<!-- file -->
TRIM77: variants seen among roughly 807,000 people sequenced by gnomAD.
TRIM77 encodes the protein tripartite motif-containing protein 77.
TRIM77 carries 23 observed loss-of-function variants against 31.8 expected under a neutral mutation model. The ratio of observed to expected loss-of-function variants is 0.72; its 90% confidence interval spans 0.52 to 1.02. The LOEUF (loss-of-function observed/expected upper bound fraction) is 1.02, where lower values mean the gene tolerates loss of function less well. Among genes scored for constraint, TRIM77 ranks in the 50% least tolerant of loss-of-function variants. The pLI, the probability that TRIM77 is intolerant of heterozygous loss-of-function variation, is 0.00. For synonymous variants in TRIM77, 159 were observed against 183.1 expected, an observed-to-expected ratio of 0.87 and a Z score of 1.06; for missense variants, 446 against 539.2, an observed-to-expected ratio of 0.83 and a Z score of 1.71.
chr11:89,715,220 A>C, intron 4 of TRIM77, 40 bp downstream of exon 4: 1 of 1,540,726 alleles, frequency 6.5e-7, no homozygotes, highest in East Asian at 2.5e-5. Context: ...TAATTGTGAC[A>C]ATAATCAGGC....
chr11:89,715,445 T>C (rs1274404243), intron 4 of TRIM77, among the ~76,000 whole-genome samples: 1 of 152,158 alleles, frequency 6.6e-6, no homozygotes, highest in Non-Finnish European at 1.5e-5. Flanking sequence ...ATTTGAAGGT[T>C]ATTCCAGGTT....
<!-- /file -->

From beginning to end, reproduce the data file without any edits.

TRIM77: variants seen among roughly 807,000 people sequenced by gnomAD.
TRIM77 encodes the protein tripartite motif-containing protein 77.
TRIM77 carries 23 observed loss-of-function variants against 31.8 expected under a neutral mutation model. The ratio of observed to expected loss-of-function variants is 0.72; its 90% confidence interval spans 0.52 to 1.02. The LOEUF (loss-of-function observed/expected upper bound fraction) is 1.02, where lower values mean the gene tolerates loss of function less well. Among genes scored for constraint, TRIM77 ranks in the 50% least tolerant of loss-of-function variants. The pLI, the probability that TRIM77 is intolerant of heterozygous loss-of-function variation, is 0.00. For synonymous variants in TRIM77, 159 were observed against 183.1 expected, an observed-to-expected ratio of 0.87 and a Z score of 1.06; for missense variants, 446 against 539.2, an observed-to-expected ratio of 0.83 and a Z score of 1.71.
chr11:89,715,220 A>C, intron 4 of TRIM77, 40 bp downstream of exon 4: 1 of 1,540,726 alleles, frequency 6.5e-7, no homozygotes, highest in East Asian at 2.5e-5. Context: ...TAATTGTGAC[A>C]ATAATCAGGC....
chr11:89,715,445 T>C (rs1274404243), intron 4 of TRIM77, among the ~76,000 whole-genome samples: 1 of 152,158 alleles, frequency 6.6e-6, no homozygotes, highest in Non-Finnish European at 1.5e-5. Flanking sequence ...ATTTGAAGGT[T>C]ATTCCAGGTT....